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This article is about my exciting tete-a-tete with British writer and editor Thomas Roueche at LLF 2018 (Lahore Literary Festival 2018) on the same day when I had my fan moment with Shobhaa De. Thomas grew up in London and studied medieval and Islamic history at Cambridge and Turkish Studies at The School of Oriental and African Studies. He is currently working as the editor of famous UK-based TANK magazine (a quarterly publication covering almost everything from contemporary culture to Politics since 1998), and his team there is also currently in the process of developing and producing their summer books issue.
He’s been working at TANK magazine for four years, before that as he told me he was a freelance writer and editor. He has also lived in Istanbul for some years where he worked as a contributing editor of Cornucopia magazine (a magazine about Turkish culture, art, and history, published jointly in the United Kingdom and Turkey since 1992).
So I had the pleasure of meeting Thomas right after I was done with attending the first session of Shobhaa De (mentioned in Aqram’s article “Pakistani blogger Sarmad Iqbal flabbergasted famous Indian author Shobhaa De during her recent trip to Lahore”) and also with the video- recording, media talk and the usual selfie-taking and autograph signing. Thomas’s session on Day 2 of LLF 2018 was scheduled from 3:45 – 4:45 pm and it was titled as “Writings from Today’s Turkey”. In this session, Thomas was supposed to talk with Turkish writer Ciller Ilhan as well as with British journalist Christopher de Bellaigue about a literary landscape of modern-day Turkey.
I attended that session as it was already on my list of prioritized sessions at LLF 2018 (On the top of that list was obviously the Shobhaa De session which was being discussed in detail in Aqram’s article) and I didn’t at all regretted my decision at the end of the session and after the tete I had with Thomas after the session ended. During the session, Thomas talked about his experiences in Turkey and particularly in Istanbul and about his exposure to Turkish culture with Ciller and Christopher who retorted by sharing their own experiences which were different from each other as Ciller is a Turk herself and Christopher has got an Anglo-French background.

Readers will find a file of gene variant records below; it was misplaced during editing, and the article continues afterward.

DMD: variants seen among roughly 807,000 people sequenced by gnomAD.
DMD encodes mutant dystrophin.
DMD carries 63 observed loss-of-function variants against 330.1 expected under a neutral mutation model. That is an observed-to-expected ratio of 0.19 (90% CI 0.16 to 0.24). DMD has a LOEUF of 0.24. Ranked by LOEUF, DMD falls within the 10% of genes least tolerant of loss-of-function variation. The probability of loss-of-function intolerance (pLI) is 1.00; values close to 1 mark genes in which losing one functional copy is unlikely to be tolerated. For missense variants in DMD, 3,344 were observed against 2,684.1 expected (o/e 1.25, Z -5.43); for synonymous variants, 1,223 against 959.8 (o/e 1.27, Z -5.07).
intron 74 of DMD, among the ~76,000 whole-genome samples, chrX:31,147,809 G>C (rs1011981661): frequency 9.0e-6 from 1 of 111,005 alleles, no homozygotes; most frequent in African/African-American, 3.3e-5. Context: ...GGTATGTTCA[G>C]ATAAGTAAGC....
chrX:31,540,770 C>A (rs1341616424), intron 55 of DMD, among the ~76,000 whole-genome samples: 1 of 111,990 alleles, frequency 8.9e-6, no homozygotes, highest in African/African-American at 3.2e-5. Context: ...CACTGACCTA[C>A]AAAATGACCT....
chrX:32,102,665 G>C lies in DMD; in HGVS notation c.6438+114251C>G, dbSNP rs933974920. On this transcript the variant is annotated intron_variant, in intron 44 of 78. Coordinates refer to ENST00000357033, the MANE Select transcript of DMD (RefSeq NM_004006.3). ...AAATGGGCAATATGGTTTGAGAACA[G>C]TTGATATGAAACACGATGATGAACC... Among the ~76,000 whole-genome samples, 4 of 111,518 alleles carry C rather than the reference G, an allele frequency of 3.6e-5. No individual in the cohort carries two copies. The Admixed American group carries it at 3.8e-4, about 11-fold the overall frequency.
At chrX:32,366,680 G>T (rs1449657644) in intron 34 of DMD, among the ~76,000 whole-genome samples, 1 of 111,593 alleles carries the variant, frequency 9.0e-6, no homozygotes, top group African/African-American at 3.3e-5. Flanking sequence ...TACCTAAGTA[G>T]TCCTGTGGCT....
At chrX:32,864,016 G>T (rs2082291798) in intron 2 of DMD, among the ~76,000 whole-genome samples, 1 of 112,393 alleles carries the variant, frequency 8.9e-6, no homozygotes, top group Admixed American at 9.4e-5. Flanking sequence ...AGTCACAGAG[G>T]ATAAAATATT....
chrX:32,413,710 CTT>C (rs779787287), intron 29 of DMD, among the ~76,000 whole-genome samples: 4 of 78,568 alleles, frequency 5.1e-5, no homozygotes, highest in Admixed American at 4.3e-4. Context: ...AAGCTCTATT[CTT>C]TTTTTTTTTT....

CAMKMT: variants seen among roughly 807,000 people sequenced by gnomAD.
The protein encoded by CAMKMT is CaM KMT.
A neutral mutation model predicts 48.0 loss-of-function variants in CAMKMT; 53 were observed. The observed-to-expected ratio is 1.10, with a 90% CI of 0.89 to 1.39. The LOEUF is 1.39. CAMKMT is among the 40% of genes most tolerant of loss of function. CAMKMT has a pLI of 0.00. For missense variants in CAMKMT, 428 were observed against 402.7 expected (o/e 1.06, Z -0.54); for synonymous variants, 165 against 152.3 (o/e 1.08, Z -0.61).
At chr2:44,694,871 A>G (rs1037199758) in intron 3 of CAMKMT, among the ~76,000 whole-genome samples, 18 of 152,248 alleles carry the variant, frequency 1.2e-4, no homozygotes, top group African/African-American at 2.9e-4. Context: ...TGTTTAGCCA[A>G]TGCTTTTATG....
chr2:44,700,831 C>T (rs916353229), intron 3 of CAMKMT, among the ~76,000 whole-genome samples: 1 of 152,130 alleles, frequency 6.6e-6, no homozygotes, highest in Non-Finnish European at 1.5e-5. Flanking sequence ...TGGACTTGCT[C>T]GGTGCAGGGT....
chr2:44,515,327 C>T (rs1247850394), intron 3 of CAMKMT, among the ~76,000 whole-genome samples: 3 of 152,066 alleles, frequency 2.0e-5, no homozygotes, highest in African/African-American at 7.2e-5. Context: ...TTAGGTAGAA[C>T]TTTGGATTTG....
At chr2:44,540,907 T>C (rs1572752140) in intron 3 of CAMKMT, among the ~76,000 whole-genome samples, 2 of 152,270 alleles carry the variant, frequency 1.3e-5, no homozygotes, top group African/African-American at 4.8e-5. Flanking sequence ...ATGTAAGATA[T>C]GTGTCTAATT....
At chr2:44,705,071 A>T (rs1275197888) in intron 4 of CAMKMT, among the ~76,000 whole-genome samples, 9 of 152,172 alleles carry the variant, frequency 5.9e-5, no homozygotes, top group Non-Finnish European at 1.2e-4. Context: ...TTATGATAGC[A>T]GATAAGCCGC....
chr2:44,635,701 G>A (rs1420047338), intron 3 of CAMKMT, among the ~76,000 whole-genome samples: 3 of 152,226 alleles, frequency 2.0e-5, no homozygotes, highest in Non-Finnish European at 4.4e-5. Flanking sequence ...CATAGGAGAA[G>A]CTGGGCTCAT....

The session was in the same Hall no 4 of Alhamra Arts Centre where Shobhaa De’s first session took place from 1 till 1:30 pm. People of almost all ages from several senior citizens to several young ones like me flocked to the hall even before the aforementioned session on writings from Turkey kick started out of their interest in Turkish Literature and Turkish society in general. At the end of the session, I also had the pleasure of asking questions though not from Thomas but from Ciller.
After the Q and A session ended, everyone started leaving the hall along with the panelists including Thomas Roueche and I too now proceeded to move out of the hall and during the course of vacating the hall I met Thomas and I introduced him to myself and whatever I’ve been doing since few years and also about my interest in Turkish culture as well as my proficiency in Turkish language. When we finally together went out of the hall into a small lawn outside it, where he told me about his various ventures and I also brought to his notice some interesting parallels between Pakistan and Turkey (which I have thought on my own as someone who fervently follows modern-day Turkish affairs) like how both countries are torn between Muslim Middle East and their “other” neighborhood which in the case of Turkey is Europe obviously and in the case of Pakistan is India and other South Asian states.
I then also went on to ask him about his experience in Lahore during LLF 2018 and also inquired from him whether this was his first visit to Pakistan or not. Thomas responded to my questions by first telling me how this was his first visit to Lahore and Pakistan. Then he went on to tell me about his experience in Lahore by saying “I very much enjoyed my time in Lahore and at the LLF. I found the festival very interesting and excellently programmed and produced. I didn’t have much of a sense of what to expect in Pakistan or Lahore but I found it beautiful and charming and a wonderful city to visit. I found everyone extremely friendly and welcoming. I can’t wait to come back”. Thomas also praised all the attendees of the LLF 2018 by saying “I was extremely impressed by the knowledge and education of all the attendees at the festival”.
While we were talking with each other we were also joined in our conversation by BBC Special Correspondent Razia Iqbal. Razia told me about India’s Jaipur Literature Festival also known as JLF and is being also revered as “Kumbh of Literature”. She was in awe of JLF and especially in an awe of Jaipur’s royal vibes but simultaneously she also didn’t forget to praise my city Lahore. After a brief chatter, both Thomas and Razia departed together and bid adieu to me. And how can I forget about the video message of good wishes Thomas recorded for me before departing.